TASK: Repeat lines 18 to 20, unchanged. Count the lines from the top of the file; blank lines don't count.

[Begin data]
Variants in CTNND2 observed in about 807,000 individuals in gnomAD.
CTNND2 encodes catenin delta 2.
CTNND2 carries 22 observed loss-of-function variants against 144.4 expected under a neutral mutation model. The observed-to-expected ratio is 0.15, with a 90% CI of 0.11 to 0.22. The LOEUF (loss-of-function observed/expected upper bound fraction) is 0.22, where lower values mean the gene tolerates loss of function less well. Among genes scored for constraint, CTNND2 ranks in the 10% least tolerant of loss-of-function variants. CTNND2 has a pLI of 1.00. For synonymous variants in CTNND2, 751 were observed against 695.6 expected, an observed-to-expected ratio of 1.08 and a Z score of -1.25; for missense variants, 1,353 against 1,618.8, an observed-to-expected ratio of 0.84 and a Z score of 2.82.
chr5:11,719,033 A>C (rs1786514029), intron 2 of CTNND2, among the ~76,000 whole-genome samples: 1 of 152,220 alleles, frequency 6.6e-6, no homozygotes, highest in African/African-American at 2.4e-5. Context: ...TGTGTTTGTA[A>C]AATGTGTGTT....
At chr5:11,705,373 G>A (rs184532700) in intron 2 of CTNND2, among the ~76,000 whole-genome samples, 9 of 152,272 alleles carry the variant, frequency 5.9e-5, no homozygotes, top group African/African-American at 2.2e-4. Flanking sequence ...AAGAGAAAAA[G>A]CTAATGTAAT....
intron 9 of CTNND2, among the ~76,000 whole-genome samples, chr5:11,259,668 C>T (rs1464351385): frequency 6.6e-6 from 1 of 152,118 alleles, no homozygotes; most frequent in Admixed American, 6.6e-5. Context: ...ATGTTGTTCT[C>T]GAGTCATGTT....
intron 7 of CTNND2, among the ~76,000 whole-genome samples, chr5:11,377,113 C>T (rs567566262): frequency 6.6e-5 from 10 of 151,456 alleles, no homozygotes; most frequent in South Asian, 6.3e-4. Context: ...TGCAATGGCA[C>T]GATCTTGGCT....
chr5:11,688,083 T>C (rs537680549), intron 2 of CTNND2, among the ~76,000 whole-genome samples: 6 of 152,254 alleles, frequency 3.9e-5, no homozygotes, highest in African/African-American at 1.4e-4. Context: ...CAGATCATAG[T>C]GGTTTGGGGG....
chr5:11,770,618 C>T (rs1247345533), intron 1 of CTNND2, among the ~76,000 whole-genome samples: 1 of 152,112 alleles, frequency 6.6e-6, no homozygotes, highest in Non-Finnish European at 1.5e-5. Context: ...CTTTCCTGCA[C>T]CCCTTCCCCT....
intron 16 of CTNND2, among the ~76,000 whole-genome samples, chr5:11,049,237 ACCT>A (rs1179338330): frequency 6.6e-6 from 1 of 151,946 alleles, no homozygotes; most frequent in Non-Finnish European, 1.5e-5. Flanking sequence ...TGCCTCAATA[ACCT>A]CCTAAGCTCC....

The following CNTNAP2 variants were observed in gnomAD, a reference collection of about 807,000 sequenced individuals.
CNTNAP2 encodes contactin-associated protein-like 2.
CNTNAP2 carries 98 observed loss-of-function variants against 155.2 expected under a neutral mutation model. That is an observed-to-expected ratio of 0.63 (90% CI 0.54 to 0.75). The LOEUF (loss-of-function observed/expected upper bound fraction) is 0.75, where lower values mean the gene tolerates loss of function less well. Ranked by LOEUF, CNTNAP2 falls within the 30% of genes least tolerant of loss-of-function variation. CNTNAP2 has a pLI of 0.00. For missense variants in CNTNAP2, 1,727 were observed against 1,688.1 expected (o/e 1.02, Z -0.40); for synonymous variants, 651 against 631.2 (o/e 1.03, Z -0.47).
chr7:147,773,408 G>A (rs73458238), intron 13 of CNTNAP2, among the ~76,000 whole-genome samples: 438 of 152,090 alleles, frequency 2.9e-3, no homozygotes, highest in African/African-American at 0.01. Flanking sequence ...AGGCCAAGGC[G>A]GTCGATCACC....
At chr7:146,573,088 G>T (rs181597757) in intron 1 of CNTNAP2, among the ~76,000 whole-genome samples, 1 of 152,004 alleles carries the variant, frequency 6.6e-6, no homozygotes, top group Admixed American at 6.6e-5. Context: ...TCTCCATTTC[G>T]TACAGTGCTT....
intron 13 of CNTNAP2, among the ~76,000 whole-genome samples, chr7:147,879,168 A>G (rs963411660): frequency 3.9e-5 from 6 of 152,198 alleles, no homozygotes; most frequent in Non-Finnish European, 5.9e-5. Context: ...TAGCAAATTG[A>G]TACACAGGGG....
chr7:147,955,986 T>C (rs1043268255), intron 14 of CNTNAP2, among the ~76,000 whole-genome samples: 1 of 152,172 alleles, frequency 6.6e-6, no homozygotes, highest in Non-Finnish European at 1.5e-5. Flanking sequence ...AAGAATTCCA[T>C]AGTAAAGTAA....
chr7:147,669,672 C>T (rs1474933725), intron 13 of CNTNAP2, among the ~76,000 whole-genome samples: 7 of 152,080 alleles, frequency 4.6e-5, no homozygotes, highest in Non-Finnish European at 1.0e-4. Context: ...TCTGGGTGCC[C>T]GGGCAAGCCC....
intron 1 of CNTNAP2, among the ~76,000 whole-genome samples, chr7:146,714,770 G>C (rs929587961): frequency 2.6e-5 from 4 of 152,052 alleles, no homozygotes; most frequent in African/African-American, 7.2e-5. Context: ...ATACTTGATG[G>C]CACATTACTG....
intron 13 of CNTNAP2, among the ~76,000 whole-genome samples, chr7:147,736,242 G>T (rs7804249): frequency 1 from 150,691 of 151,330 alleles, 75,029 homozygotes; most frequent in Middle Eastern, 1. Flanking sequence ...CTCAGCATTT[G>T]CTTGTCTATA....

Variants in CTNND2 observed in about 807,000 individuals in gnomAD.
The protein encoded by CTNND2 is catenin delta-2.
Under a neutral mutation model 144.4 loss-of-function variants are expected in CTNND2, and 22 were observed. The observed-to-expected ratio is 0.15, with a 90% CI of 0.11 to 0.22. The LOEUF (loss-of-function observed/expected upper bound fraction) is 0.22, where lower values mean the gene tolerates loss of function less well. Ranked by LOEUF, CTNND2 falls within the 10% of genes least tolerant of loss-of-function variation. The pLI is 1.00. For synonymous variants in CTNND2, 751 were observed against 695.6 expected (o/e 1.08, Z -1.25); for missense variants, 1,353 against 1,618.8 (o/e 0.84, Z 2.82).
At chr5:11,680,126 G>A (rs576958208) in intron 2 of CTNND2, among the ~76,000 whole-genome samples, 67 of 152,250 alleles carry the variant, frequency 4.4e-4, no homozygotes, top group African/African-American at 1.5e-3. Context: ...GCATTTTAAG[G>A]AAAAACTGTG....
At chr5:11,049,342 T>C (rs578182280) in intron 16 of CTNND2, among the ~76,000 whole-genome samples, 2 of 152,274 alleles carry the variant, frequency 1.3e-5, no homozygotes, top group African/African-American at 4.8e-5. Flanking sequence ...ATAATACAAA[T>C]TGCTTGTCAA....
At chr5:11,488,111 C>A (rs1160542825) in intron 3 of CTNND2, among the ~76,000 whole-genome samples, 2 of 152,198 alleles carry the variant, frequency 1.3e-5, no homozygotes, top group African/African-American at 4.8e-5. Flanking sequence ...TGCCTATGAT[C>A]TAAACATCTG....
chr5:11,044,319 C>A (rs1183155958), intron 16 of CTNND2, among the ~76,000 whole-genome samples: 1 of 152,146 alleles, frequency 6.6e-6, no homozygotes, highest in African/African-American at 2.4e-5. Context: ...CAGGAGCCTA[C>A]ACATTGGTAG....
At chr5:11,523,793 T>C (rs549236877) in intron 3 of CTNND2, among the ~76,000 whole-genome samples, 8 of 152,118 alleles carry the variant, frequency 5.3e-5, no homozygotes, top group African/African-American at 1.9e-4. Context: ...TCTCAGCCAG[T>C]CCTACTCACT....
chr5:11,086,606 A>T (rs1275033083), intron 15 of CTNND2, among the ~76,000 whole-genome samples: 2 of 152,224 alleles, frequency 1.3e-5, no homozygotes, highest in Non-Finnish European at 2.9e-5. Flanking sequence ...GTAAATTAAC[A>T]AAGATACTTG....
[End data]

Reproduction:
chr7:147,669,672 C>T (rs1474933725), intron 13 of CNTNAP2, among the ~76,000 whole-genome samples: 7 of 152,080 alleles, frequency 4.6e-5, no homozygotes, highest in Non-Finnish European at 1.0e-4. Context: ...TCTGGGTGCC[C>T]GGGCAAGCCC....
intron 1 of CNTNAP2, among the ~76,000 whole-genome samples, chr7:146,714,770 G>C (rs929587961): frequency 2.6e-5 from 4 of 152,052 alleles, no homozygotes; most frequent in African/African-American, 7.2e-5. Context: ...ATACTTGATG[G>C]CACATTACTG....
intron 13 of CNTNAP2, among the ~76,000 whole-genome samples, chr7:147,736,242 G>T (rs7804249): frequency 1 from 150,691 of 151,330 alleles, 75,029 homozygotes; most frequent in Middle Eastern, 1. Flanking sequence ...CTCAGCATTT[G>T]CTTGTCTATA....